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Once, I didn’t have an income from which to give. I gave five dollars without hands give.  I wriggled under stifling summer ropa to free a dollar or two.  My hands were tied-up. My hands were busy, heavy, starting to ache from the weight. My hands were sweaty, my body too warm, nothing but a plastic lawn chair to sit in if I could sit. My compadre pulled a cinco from my pocket to put in the bag that we passed. I didn’t have from which to give. I couldn’t hear a thing. My lips were engaging in a language they didn’t well understand. My ears were ringing in Senor‘s and amor‘s and drips of evaporation were tickling the back of my neck. My hands were held up holding. I had no hands to wipe the salt water pouring from my pores. I’ve maybe never been more uncomfortable, in this heat, under the weight.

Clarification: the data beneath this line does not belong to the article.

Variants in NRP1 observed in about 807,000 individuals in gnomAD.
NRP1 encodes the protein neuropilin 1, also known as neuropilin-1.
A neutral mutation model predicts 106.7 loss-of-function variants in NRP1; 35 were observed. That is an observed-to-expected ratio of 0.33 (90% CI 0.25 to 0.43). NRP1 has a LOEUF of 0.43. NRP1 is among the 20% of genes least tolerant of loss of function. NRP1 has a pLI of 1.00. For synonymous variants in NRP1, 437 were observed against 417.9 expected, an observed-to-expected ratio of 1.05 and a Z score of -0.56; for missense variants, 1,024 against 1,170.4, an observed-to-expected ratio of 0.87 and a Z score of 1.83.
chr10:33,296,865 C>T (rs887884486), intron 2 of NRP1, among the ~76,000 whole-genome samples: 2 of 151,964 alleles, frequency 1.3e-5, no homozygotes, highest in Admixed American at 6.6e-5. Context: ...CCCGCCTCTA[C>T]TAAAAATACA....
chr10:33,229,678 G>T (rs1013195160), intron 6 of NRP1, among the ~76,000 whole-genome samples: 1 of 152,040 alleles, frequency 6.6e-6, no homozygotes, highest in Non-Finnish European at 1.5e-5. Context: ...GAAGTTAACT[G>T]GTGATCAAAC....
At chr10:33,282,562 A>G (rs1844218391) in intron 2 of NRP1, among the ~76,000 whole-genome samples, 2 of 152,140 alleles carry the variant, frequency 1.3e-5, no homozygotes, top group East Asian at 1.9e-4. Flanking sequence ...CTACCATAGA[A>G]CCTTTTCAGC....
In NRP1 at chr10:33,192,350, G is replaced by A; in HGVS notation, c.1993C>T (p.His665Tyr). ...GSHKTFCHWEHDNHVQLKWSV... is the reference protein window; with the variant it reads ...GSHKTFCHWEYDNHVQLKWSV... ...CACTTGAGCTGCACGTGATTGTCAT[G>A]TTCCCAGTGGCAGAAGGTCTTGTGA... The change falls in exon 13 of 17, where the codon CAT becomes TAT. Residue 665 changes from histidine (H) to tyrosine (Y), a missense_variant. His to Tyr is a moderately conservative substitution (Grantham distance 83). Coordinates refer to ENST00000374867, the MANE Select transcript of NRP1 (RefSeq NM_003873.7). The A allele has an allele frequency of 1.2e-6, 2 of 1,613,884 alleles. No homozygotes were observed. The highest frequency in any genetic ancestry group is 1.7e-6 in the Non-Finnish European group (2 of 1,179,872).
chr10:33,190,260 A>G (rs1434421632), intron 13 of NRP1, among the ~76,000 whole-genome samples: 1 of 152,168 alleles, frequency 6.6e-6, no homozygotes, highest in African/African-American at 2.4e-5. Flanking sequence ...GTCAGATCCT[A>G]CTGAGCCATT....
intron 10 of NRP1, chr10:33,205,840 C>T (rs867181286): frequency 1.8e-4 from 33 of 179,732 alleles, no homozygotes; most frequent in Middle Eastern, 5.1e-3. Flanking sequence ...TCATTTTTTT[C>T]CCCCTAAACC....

Once, I held a babe, a little nino baby in a storefront church in Tijuana, Mexico. Eduardo, who I would paint ceilings with within the week, glanced back at his little sleeping boy in my arms, his hands free and coursing through the thick, humid air in praise. He shouted about El Padre, put his arm around the baby’s madre, and let me hold his pride and joy. I gave American bills from overflow of my income-less life. I shouldn’t and couldn’t afford, but I held a boy I loved. I could do nothing but shout and shake my peasant skirt, hands weary and rocking a tiny little boy who, when grown, will never understand una palabra of my love.  Never have I been more comfortable in love, on foreign soil.

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